1:72 model based on the design
|Place of origin||Nazi Germany|
|Number built||1 partial prototype|
|Weight||140 tonnes (154 short tons; 138 long tons)|
|Length||10.27 m (33 ft 8 in)|
|Width||4.48 m (14 ft 8 in)|
|Height||3.29 m (10 ft 10 in)|
|Armor||60–240 millimetres (2.4–9.4 in)|
|12.8 cm PaK 44 L/55, 150 mm KwK44 L/38, or
|co-axial 75 mm KwK 44 L/36.5
7.92 mm MG34
|Engine||23.1 L Maybach HL230 V-12 - prototype
Maybach HL234 V-12 - proposed
700 hp (522 kW)
1200 hp (895 kW)
|Power/weight||4.52 hp/ton (prototype)
7.74 hp/ton (proposed)
|Suspension||Belleville washer coil spring|
|190 km (120 mi) (road)|
|Speed||40 km/h (25 mph)|
The basic design was ordered by the Waffenamt as a parallel development to the Porsche Maus in June 1943. It was the heaviest of the Entwicklung (E) series of vehicles, meant to standardize as many components as possible. There was going to be an E-10, E-25, E-50, E75 and finally the E-100. E
In November 1942, Krupp suggested a design weighing 155 tons, compared to the 188 tons of the Maus - but still using the Maus turret. In December 1942, Krupp suggested a design weighing 130 tons which used many of the same components as the Tiger tank with Maus turret — referred to as the "Tiger-Maus". Weight savings were to be from thinner armour, and narrowing and shortening the vehicle.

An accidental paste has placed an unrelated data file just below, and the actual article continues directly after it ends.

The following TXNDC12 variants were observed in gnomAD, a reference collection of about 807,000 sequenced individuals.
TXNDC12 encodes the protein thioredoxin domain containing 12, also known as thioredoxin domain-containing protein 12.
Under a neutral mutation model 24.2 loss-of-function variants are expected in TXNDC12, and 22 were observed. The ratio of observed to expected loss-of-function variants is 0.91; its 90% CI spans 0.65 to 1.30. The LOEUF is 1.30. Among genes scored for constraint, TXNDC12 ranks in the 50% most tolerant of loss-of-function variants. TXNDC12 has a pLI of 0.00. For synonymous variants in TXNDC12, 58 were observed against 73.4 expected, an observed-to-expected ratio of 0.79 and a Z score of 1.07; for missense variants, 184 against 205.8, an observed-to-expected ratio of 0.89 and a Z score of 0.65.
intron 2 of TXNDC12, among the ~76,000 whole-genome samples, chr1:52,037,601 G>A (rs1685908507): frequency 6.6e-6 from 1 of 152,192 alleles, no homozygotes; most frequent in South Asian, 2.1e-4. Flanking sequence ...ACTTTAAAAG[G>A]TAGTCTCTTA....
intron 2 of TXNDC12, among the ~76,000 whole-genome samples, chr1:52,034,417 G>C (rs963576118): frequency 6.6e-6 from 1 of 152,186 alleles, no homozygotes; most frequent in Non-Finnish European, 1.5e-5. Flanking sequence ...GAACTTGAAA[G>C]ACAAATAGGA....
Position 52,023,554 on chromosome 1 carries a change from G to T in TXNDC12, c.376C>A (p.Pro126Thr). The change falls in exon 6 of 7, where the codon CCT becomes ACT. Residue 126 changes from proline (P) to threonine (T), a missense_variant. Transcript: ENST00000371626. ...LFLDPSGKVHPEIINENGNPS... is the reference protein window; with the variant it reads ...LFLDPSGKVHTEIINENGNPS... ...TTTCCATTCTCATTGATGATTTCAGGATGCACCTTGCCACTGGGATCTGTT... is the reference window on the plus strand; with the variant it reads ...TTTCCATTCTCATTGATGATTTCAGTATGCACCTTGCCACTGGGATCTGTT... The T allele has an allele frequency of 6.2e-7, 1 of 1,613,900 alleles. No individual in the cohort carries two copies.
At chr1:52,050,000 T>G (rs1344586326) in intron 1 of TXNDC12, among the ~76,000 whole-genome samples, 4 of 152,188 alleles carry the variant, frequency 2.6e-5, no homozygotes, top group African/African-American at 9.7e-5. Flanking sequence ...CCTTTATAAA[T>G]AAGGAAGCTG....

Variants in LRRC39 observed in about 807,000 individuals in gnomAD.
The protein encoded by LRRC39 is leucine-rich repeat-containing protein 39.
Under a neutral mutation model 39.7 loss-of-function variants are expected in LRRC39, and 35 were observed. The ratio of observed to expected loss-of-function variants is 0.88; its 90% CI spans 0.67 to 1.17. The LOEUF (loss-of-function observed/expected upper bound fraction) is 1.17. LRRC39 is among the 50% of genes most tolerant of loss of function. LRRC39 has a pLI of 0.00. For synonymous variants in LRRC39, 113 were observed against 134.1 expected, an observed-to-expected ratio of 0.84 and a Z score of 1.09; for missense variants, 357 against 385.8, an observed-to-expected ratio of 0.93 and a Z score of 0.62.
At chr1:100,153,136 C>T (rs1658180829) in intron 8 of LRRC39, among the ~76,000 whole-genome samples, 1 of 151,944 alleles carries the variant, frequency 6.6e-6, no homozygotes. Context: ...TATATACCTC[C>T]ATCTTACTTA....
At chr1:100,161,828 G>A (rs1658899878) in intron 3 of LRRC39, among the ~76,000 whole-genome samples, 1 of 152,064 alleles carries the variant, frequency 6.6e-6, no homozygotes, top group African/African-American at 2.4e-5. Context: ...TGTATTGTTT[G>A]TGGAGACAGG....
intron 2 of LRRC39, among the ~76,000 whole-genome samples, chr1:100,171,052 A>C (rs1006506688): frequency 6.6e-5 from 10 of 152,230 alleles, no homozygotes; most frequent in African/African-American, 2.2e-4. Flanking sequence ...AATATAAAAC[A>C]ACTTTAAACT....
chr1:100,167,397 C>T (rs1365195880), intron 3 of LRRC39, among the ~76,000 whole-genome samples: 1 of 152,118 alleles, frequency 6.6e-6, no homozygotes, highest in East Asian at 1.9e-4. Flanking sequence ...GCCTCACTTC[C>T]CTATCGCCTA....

After 1944, work continued at a very slow pace until canceled in favour of the Maus.
The prototype had a HL230P30 engine due to the lack of HL234 units from Maybach. The HL230 was the same engine that was used on the King Tiger and Panther tanks. It was suitable for the 45-tonne Panther, underpowered for the 70-tonne King Tiger, and grossly under-powered for a 140-tonne design. The prototype would have been fitted with the 15 cm Kwk44 gun, though the final selection between the 15 cm Kwk44 and the 17 cm Kwk44 had not been made. The hull had sloped armor, typical of post-1943 design. Wheels were overlapped, similar to the King Tiger and Panther tank.
The first prototype was never completed and was found by Allied forces on the factory floor in 1945. The partially completed vehicle was removed by the British Army for evaluation and then scrapped.
- Chamberlain, Peter & Doyle, Hilary (1999) "Encyclopedia Of German Tanks Of World War Two"
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